Why a weak Chinese economy can't save the world
The world is looking to China to bail it out. But economists warn that China's own financial system is at risk from a rash of illegal lending that has come to light after a string of defaults.
A world teetering on the brink of an economic and financial crisis looks forlornly to cash-rich China in the hope that it will unloosen its purse strings, bail out heavily indebted European nations - and, well, save the world.
But in Wenzhou, considered the capital of China's capitalist entrepreneurship, a rash of defaults and "runaway bosses" who have abandoned their factories, leaving thousands of workers on the streets, are showing up the weaknesses in China's own economy, dashing all hopes that China will come riding to anyone else's rescue.
In just the past fortnight, the owners of at least nine local businesses in Wenzhou have fled the country, leaving behind unpaid loans from banks and private creditors running to hundreds of millions of yuan. Thousands of workers have been demonstrating on Wenzhou's streets to protest against their lost jobs and to demand unpaid wages. (See video here.)
The wave of defaults is the culmination of an extraordinary credit squeeze, arising from flawed monetary policies, which has driven small and medium entrepreneurs to borrow on the kerb from private creditors at usurious rates of interest. The surge in such "informal lending", say economists, represents the biggest risk to financial stability, and are in fact a short-term "time bomb". Even the official Chinese media are calling it China's own subprime crisis.
An epidemic of shadow banking
"Informal lending - or shadow banking - has surged in China over the past 12 months, threatening financial stability," warns Credit Suisse's chief Asia economist Dong Tao. "Parties involved in informal lending are so widespread that it would not be an exaggeration to call it a nationwide lending campaign."
The extent of such kerbside lending - where interest rates go up to as much as 90 percent - is of course hard to estimate, given the underground nature of the operations. China's top bank regulator, the chairman of the China Banking Regulatory Commission, acknowledged that informal loans may amount to about 3 trillion yuan (about $460 billion). However, Tao estimates it to be closer to 4 trillion yuan (about $600 billion), or about 8 percent of the formal lending market, and growing at an exponential rate of 50 percent a year.
The 'loan shark' business took off in 2010, when private entrepreneurs who had sold their manufacturing business or property were confronted with negative real interest rates and the early stages of high inflation Chinese authorities hiked banks' reserve ratios to clamp down on lending rather than hike interest rates, a policy that Asianomics founder Jim Walker says sent the wrong price signals and led to serious misallocation of capital.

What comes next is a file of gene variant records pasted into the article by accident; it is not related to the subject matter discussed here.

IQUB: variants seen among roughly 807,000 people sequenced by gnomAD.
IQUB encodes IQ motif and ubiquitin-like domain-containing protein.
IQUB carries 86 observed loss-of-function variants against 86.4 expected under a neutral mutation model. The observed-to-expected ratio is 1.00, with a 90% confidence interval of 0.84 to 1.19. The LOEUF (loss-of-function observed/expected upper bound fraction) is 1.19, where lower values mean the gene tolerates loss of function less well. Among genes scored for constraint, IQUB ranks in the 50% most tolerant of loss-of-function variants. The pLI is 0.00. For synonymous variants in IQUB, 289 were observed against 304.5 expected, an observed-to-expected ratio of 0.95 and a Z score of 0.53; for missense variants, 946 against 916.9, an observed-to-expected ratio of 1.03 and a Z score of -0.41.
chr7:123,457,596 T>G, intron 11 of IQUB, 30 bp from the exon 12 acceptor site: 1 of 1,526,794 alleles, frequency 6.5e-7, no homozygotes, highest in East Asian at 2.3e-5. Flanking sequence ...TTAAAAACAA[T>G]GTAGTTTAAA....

Large state-owned enterprises (SOEs) were immune to the credit squeeze, since banks lend readily to them. But since they had no immediate need for the cash, they too got into the murky business of shadow lending. Lacking compelling investment opportunities, the SOEs, operating through their financial arms, added an interest rate spread and lent the money out to other parties, typically entrepreneurs and property developers who did not qualify for bank loans.
Tao estimates that about 60 percent of the informal lending was channelled into the property sector, and that the biggest borrowers were small or medium-sized property developers. "The lending to property developers is a particular concern," he says. That's because most Chinese developers have never experienced a bear market cycle and therefore generally refuse to lower property prices when transaction volumes fall sharply.
They pay usurious rates of interest - up to 70 percent a year - in the hope that the government's tightening policy will soon be eased. "If Beijing's housing policy is not reversed quickly, many smaller developers will likely collapse over the next six months," Tao believes.
Typically, one would expect loans taken on at such high interest rates to be of short tenures - perhaps overnight bridge loans or perhaps a few days. CLSA Asia-Pacific Markets China strategist Andy Rothman scoffs at the notion that such rates are representative of the state of the credit market in China. "Such loans are typically taken for very short durations - may be overnight - as a sort of bridge loan," he says.
But other analysts, citing anecdotal evidence, point out that some property developers were willing to borrow at such high costs for even up to six months or a year.
Why do they borrow at those rates? They either need the money to complete construction of property projects that have been pre-sold in the market; or the developers have so bullish an outlook on property prices that they believe they can factor in their borrowing costs and still come out ahead.
Impossible to trace
Apart from showing up the credit bubble in China, analysts say the risk is that the government will find it impossible to make an "organised settlement" in case of problems in any part of the credit chain.
"We believe Beijing has very limited means for surveillance in this field," says Tao. "In case a crisis occurs, the authorities probably will not even know how to contact the lenders and borrowers. Yet, the widespread nature of informal lending practices also means that risks could quickly spread to every corner of the economy, affecting corporate balance sheets, consumer confidence and bank asset quality".
In case the debt chain faces unexpected turbulence, he adds, China will likely face a credit crunch that may potentially undermine its growth prospects and investor confidence.
That's a sobering thought for countries around the world that are looking, alms bowl in hand, to Chinese moneybags to bail them out.
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